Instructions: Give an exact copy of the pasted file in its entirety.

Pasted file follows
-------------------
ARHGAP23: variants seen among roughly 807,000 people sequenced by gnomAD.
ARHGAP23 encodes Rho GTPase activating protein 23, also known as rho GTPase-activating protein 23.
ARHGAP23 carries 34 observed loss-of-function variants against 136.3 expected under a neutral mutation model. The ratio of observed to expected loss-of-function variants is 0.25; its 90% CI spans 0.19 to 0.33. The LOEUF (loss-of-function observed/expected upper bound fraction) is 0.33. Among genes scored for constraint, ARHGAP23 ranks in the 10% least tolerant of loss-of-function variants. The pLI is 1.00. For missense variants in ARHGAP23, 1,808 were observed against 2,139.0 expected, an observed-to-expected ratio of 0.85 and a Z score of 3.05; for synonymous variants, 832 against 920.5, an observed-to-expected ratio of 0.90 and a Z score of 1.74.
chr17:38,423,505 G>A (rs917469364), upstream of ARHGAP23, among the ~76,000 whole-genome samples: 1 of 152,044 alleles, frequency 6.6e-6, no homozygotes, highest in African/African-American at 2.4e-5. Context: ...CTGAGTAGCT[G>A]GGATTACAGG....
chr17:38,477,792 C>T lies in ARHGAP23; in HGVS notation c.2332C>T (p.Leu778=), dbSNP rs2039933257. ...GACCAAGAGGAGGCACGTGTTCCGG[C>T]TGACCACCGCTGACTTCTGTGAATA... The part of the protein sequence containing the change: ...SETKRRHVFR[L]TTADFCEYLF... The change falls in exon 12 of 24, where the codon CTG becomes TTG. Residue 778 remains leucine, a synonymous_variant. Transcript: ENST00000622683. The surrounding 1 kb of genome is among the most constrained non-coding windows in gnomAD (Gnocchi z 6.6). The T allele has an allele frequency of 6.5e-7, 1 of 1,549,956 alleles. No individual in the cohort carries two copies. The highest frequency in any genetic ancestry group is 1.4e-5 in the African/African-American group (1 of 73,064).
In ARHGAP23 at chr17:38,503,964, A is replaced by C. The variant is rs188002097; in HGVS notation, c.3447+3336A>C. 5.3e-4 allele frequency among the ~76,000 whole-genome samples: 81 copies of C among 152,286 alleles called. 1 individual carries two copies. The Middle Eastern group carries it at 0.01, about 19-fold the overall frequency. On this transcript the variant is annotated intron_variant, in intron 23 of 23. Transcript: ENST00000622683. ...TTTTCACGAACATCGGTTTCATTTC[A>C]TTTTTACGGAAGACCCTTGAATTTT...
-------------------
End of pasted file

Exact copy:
ARHGAP23: variants seen among roughly 807,000 people sequenced by gnomAD.
ARHGAP23 encodes Rho GTPase activating protein 23, also known as rho GTPase-activating protein 23.
ARHGAP23 carries 34 observed loss-of-function variants against 136.3 expected under a neutral mutation model. The ratio of observed to expected loss-of-function variants is 0.25; its 90% CI spans 0.19 to 0.33. The LOEUF (loss-of-function observed/expected upper bound fraction) is 0.33. Among genes scored for constraint, ARHGAP23 ranks in the 10% least tolerant of loss-of-function variants. The pLI is 1.00. For missense variants in ARHGAP23, 1,808 were observed against 2,139.0 expected, an observed-to-expected ratio of 0.85 and a Z score of 3.05; for synonymous variants, 832 against 920.5, an observed-to-expected ratio of 0.90 and a Z score of 1.74.
chr17:38,423,505 G>A (rs917469364), upstream of ARHGAP23, among the ~76,000 whole-genome samples: 1 of 152,044 alleles, frequency 6.6e-6, no homozygotes, highest in African/African-American at 2.4e-5. Context: ...CTGAGTAGCT[G>A]GGATTACAGG....
chr17:38,477,792 C>T lies in ARHGAP23; in HGVS notation c.2332C>T (p.Leu778=), dbSNP rs2039933257. ...GACCAAGAGGAGGCACGTGTTCCGG[C>T]TGACCACCGCTGACTTCTGTGAATA... The part of the protein sequence containing the change: ...SETKRRHVFR[L]TTADFCEYLF... The change falls in exon 12 of 24, where the codon CTG becomes TTG. Residue 778 remains leucine, a synonymous_variant. Transcript: ENST00000622683. The surrounding 1 kb of genome is among the most constrained non-coding windows in gnomAD (Gnocchi z 6.6). The T allele has an allele frequency of 6.5e-7, 1 of 1,549,956 alleles. No individual in the cohort carries two copies. The highest frequency in any genetic ancestry group is 1.4e-5 in the African/African-American group (1 of 73,064).
In ARHGAP23 at chr17:38,503,964, A is replaced by C. The variant is rs188002097; in HGVS notation, c.3447+3336A>C. 5.3e-4 allele frequency among the ~76,000 whole-genome samples: 81 copies of C among 152,286 alleles called. 1 individual carries two copies. The Middle Eastern group carries it at 0.01, about 19-fold the overall frequency. On this transcript the variant is annotated intron_variant, in intron 23 of 23. Transcript: ENST00000622683. ...TTTTCACGAACATCGGTTTCATTTC[A>C]TTTTTACGGAAGACCCTTGAATTTT...